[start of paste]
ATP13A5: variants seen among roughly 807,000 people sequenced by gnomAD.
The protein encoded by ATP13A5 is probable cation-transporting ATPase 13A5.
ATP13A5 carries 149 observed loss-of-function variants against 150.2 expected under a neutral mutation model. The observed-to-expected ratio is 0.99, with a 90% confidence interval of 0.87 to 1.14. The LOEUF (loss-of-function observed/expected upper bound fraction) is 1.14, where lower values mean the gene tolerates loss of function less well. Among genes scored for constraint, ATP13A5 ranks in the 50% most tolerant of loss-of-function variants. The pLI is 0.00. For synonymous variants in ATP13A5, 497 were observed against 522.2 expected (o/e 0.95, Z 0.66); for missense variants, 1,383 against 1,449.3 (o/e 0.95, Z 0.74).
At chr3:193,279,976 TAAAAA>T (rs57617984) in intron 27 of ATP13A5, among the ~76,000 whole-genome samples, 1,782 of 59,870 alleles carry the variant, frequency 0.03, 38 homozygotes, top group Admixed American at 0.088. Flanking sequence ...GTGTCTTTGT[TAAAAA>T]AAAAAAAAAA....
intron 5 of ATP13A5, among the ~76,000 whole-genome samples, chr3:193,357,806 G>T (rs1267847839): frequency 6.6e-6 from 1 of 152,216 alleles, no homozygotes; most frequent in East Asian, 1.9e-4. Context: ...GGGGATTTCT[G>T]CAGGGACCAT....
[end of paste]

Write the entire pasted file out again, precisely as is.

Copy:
ATP13A5: variants seen among roughly 807,000 people sequenced by gnomAD.
The protein encoded by ATP13A5 is probable cation-transporting ATPase 13A5.
ATP13A5 carries 149 observed loss-of-function variants against 150.2 expected under a neutral mutation model. The observed-to-expected ratio is 0.99, with a 90% confidence interval of 0.87 to 1.14. The LOEUF (loss-of-function observed/expected upper bound fraction) is 1.14, where lower values mean the gene tolerates loss of function less well. Among genes scored for constraint, ATP13A5 ranks in the 50% most tolerant of loss-of-function variants. The pLI is 0.00. For synonymous variants in ATP13A5, 497 were observed against 522.2 expected (o/e 0.95, Z 0.66); for missense variants, 1,383 against 1,449.3 (o/e 0.95, Z 0.74).
At chr3:193,279,976 TAAAAA>T (rs57617984) in intron 27 of ATP13A5, among the ~76,000 whole-genome samples, 1,782 of 59,870 alleles carry the variant, frequency 0.03, 38 homozygotes, top group Admixed American at 0.088. Flanking sequence ...GTGTCTTTGT[TAAAAA>T]AAAAAAAAAA....
intron 5 of ATP13A5, among the ~76,000 whole-genome samples, chr3:193,357,806 G>T (rs1267847839): frequency 6.6e-6 from 1 of 152,216 alleles, no homozygotes; most frequent in East Asian, 1.9e-4. Context: ...GGGGATTTCT[G>T]CAGGGACCAT....